Then there is gene jumping. Quoting from Environmental Nutrition: "Gene flow refers to the potential spread of newly inserted genes into related wild species. For instance, if insect resistance is engineered into a sunflower crop, those new sunflowers could reproduce with wild sunflowers to create sunflowers that are different from the original wild sunflowers. Eventually, we might completely lose the original sunflower gene pool."

So what? Juxtapose the power of gene jumping with a quote Teitel and Wilson use from Arnold Foudin, then Assistant Secretary of USDA, Animal and Plant Health Inspection Services: "Plants as delivery systems for vaccines and pharmaceuticals is where we are. We can't get blood from turnips, but we will be able to get blood protein in potatoes."

Since terminator seeds have to be soaked in tetracycline in order to activate them, what if the gene jumping results in widespread tetracycline resistance in people who ingest terminator seed gene jumping food?

It just goes on and on.

I adored Chapter 7, Crossing Swords from Angels, in which the genetically engineered food issue was placed in the spiritual context of the Judeo-Christian heritage in which we live.

My beloved father, an organic farmer before there was such a term, used to say: "There will be no good that comes of fooling around with them Sputniks. We mustn't tinker with what's been given us."

Apparently, tinker we must and we now abide tinkering with life itself. We leave the colonization of life in the hands of the profit-making trade-driven multinationals.

Teitel and Wilson end with a chapter on what we can do to change the course of genetically engineered food production. We all KNOW what we CAN do. But, will we do it? Are we willing to forego asparagus out-of-season? When we eat our newly declared medicinal soy products, do we care that the soybeans used in those products are likely genetically engineered? Do we really understand that the romance with the American farmer is over, finished, kaput? Do we get that what we take in to nourish our bodies is being altered without our consent, with little to no testing and without adequate labeling? Will we buy organic? Grow our own? Save seeds? Eat seasonally and low on the food chain? Link, activate, and make tough choices?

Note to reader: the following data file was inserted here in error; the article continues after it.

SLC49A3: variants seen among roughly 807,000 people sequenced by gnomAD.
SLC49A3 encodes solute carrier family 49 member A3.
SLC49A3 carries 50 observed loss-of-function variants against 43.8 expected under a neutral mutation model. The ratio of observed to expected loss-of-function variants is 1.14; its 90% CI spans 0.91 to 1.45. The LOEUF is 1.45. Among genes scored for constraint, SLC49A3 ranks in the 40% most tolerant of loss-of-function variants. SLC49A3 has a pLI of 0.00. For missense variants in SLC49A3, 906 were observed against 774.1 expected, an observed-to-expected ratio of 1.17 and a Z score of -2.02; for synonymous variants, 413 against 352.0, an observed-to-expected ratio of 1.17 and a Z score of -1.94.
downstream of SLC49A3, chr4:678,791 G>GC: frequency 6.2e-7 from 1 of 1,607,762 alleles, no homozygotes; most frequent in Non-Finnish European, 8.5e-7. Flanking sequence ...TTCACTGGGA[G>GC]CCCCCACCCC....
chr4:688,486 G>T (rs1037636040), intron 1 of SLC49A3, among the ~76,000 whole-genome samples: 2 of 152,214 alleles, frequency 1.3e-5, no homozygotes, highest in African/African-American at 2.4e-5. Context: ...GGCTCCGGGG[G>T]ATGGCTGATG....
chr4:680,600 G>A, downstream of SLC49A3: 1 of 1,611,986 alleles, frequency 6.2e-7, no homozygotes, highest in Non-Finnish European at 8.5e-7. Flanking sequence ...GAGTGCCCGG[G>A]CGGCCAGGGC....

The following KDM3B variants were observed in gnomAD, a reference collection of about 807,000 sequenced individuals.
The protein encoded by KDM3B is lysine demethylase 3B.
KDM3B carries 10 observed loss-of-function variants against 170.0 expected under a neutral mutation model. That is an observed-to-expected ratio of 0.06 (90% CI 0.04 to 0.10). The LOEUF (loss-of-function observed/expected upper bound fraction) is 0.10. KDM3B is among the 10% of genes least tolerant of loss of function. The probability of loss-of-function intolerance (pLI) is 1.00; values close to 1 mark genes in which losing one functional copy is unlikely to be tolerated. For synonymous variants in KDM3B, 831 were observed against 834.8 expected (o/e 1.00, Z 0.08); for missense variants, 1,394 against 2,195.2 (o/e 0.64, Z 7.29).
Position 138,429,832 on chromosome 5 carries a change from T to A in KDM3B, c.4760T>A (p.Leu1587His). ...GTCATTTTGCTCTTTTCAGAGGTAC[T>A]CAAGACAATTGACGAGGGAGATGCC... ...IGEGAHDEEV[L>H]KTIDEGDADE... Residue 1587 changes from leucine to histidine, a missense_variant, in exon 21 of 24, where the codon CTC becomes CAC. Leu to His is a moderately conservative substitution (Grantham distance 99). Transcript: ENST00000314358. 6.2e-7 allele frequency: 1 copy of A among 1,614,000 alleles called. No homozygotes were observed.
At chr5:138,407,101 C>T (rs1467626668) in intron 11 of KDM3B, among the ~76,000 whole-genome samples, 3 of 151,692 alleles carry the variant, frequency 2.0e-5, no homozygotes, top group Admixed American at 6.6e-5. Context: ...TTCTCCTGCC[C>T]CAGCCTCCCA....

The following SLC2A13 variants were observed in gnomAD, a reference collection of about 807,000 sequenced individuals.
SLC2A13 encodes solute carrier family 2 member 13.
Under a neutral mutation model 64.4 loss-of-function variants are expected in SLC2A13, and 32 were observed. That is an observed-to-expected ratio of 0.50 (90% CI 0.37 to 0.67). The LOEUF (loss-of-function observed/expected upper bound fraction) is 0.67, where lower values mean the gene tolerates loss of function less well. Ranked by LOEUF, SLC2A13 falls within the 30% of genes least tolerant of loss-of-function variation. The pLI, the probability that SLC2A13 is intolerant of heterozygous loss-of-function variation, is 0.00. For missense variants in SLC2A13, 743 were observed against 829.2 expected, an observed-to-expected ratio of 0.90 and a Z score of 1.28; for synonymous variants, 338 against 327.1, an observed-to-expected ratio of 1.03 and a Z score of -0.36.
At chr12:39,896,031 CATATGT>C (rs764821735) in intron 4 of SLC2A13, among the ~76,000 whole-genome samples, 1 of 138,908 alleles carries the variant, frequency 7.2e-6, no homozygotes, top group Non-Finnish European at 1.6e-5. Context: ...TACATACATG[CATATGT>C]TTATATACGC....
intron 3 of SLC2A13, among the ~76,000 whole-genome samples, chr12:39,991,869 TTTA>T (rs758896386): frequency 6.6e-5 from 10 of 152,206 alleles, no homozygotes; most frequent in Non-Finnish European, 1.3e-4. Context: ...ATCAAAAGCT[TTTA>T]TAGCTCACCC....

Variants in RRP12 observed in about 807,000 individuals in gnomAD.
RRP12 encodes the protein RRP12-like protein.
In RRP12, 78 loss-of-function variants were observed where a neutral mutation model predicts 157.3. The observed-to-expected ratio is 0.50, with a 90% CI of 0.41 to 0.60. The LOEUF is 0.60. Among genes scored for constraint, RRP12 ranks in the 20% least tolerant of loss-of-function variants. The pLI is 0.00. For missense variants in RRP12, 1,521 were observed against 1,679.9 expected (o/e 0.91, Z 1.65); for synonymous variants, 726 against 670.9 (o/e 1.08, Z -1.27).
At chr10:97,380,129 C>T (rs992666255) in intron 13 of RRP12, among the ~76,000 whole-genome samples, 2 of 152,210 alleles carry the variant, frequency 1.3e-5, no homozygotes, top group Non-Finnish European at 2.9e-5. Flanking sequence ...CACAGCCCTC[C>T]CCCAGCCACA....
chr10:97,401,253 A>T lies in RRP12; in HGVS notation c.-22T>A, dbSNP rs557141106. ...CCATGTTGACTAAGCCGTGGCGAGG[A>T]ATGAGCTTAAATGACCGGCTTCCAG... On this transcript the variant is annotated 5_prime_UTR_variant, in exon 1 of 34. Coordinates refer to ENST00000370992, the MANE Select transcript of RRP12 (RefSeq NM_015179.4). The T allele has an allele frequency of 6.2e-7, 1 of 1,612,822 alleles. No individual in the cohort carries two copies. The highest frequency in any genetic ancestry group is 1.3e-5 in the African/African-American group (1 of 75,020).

Has the horse already left the barn? Is it too late?

- Susan Abbott

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"Federal policy…has been to assure that "waste management problems shall not be deferred to other generations," and many environmental groups have shared the same view. Geological burial - at first glance anyway - looks like an ideal way to accomplish that since, after all, it "removes" the wastes from the environment and solves the problem once and for all. But in many ways entombment does just the opposite. It deliberately poisons a portion of the natural world for an endless stretch of time and in doing so it not only leaves future generations with thousands of tons of the most dangerous rubbish imaginable on their hands but makes it as difficult as the state of our technology permits for them to deal with it. We cannot promise our children - never mind those who will follow hundreds or thousands of years hence - that they will be safe from the wastes. And so long as that is so, we are not taking the problem out of their hands so much as we are taking the solution out of their hands."
Kai Erikson in
"Out of Sight, Out of Our Minds"
The New York Times Magazine
March 6, 1994.